When I first started to do some research for this article, I decided to look up the word "Magic" because that’s how I feel about photography and—for that matter—any other art form. These are the words used to describe Magic: Enchanted, Thrilling, Powerful, Mystery, Supernatural, and Exquisite. If someone were to describe my work, these would certainly be the words I would want them to use. So the question remains: How do you create Magic with your work? How can you design a beautiful portrait of a person, landscape, animal, food etc. that warrants this kind of description? Let’s not forget that we are also trying to make money and stand out from the crowd—at least that’s what I’m trying to do.

For me, the magic process begins with the image I’ve created in the camera. Lighting is everything. It’s my primary concern, regardless of what I’m photographing. In my case, though, it’s usually a person. I make my living photographing children and families, and creating maternity portraits.

Editor's Note: This is a guest blog post from Judy Host of the Monte Zucker Creative Design Tour. BHInsights readers get a discount with customer code BNHCDTS.

How I Got the Shot: Adam Taylor on a Surreal Landscape Photo

Take a look at the super-cool landscape photo above. How do you think it was shot? The scene was photographed by photographer Adam Taylor, and we were fortunate enough to have the opportunity to pick his brain on how he achieved the final result.

For even more education, you can check out the rest of our "How I Got the Shot" series of blog posts.

Vivian Cherry: Vignettes from a Lifetime

Vivian Cherry, a recent recipient of the B&H Photo Lifetime Achievement Award, has a new memoir out, Vignettes: Chapters from a Life. VIGNETTES, a collection of chapters from the life of Vivian Cherry, integrates two art forms, memoir and photography. Ms. Cherry is a quintessential New Yorker, born of immigrant parents. The book is a stunning account of the past of a photographer who came of age during WWII in NYC. She is also one of the last surviving Photo League members at 92 years old as of the publication of this article.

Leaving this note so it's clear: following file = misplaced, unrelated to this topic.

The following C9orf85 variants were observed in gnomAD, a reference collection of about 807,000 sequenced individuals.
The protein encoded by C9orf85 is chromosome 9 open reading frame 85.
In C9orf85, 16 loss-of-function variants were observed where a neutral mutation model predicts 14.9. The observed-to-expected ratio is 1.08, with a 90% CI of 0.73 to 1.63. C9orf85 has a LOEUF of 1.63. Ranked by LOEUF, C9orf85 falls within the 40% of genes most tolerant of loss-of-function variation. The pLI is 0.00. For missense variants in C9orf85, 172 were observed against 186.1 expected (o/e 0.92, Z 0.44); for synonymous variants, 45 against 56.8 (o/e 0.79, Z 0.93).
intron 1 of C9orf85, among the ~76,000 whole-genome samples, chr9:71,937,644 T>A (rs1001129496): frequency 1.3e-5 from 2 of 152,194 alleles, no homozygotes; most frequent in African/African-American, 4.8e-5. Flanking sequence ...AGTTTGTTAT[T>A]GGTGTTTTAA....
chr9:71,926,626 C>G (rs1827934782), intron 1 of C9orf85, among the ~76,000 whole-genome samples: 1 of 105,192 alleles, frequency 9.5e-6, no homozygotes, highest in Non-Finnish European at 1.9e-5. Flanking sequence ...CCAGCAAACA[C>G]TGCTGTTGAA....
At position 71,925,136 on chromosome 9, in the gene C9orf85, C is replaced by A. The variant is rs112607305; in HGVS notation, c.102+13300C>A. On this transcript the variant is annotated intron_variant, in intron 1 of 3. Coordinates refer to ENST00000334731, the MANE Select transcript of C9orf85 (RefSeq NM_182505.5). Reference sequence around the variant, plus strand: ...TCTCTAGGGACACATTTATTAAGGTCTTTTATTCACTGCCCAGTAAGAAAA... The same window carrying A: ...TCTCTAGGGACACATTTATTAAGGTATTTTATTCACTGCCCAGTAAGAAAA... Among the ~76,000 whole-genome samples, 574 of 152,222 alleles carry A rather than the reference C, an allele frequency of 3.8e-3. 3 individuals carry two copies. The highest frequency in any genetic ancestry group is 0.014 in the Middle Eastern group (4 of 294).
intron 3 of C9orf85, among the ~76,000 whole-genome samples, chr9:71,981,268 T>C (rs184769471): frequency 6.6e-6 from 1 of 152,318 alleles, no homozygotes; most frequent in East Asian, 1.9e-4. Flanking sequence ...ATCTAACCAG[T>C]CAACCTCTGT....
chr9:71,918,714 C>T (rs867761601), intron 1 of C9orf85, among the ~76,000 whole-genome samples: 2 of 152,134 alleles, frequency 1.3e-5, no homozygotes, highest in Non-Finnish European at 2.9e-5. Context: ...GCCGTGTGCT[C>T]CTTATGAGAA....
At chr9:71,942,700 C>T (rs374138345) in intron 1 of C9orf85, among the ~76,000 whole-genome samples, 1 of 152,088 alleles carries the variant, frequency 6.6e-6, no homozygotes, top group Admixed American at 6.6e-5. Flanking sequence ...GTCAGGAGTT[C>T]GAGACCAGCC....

We recently talked to Vivian a bit about her experiences as a photographer during her years and years of shooting.

Other than Ansel

We can all appreciate the beloved Ansel Adams. He was one of the greats. His story is inspiring, fascinating and enduring. The man worked as a custodian in Yosemite National Park in order to live in the beauty he so much appreciated and desired to record. He seemed a harmonious blend of romantic artist and master technician. He devoted his life to the pursuit of what he loved. As a darkroom junkie myself, the first time I saw an Ansel print in person, printed by his own hands, I admit that a tear, (yes, a tear) fell down my face. The sheer craftsmanship of his prints was surprisingly moving. I am not here to dispute the fact that Ansel Adams was one of America’s greatest and seminal landscape photographers. I am here, however, to challenge you to find another one. After Ansel, who is your favorite photographer?

Four Tips on Traveling Light as a Photographer

Before you know it, vacation time will be here. You'll want to capture lots of photos to document your experiences. It’s usually a good idea to have a bag in which to carry your camera and associated gear. But you won't want to pack too much, lest your shoulders and back start to hurt from carrying around lots of gear for long periods.

If you're planning on traveling soon, here are a few tips on how to keep your bag light.